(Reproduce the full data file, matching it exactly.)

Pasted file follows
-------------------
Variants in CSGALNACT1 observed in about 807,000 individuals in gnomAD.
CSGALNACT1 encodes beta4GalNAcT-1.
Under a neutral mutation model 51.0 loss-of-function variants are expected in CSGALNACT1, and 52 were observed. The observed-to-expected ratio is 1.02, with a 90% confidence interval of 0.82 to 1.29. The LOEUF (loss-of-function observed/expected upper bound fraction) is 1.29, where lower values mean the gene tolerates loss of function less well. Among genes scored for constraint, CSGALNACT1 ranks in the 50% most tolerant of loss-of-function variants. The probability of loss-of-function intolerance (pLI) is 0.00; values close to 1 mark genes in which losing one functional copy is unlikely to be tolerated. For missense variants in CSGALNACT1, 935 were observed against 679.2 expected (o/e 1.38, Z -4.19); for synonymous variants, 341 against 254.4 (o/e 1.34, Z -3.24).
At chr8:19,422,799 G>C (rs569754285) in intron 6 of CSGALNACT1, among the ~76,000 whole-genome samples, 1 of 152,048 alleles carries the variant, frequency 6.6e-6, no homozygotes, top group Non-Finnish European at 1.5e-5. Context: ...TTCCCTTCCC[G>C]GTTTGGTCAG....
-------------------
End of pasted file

Variants in CSGALNACT1 observed in about 807,000 individuals in gnomAD.
CSGALNACT1 encodes beta4GalNAcT-1.
Under a neutral mutation model 51.0 loss-of-function variants are expected in CSGALNACT1, and 52 were observed. The observed-to-expected ratio is 1.02, with a 90% confidence interval of 0.82 to 1.29. The LOEUF (loss-of-function observed/expected upper bound fraction) is 1.29, where lower values mean the gene tolerates loss of function less well. Among genes scored for constraint, CSGALNACT1 ranks in the 50% most tolerant of loss-of-function variants. The probability of loss-of-function intolerance (pLI) is 0.00; values close to 1 mark genes in which losing one functional copy is unlikely to be tolerated. For missense variants in CSGALNACT1, 935 were observed against 679.2 expected (o/e 1.38, Z -4.19); for synonymous variants, 341 against 254.4 (o/e 1.34, Z -3.24).
At chr8:19,422,799 G>C (rs569754285) in intron 6 of CSGALNACT1, among the ~76,000 whole-genome samples, 1 of 152,048 alleles carries the variant, frequency 6.6e-6, no homozygotes, top group Non-Finnish European at 1.5e-5. Context: ...TTCCCTTCCC[G>C]GTTTGGTCAG....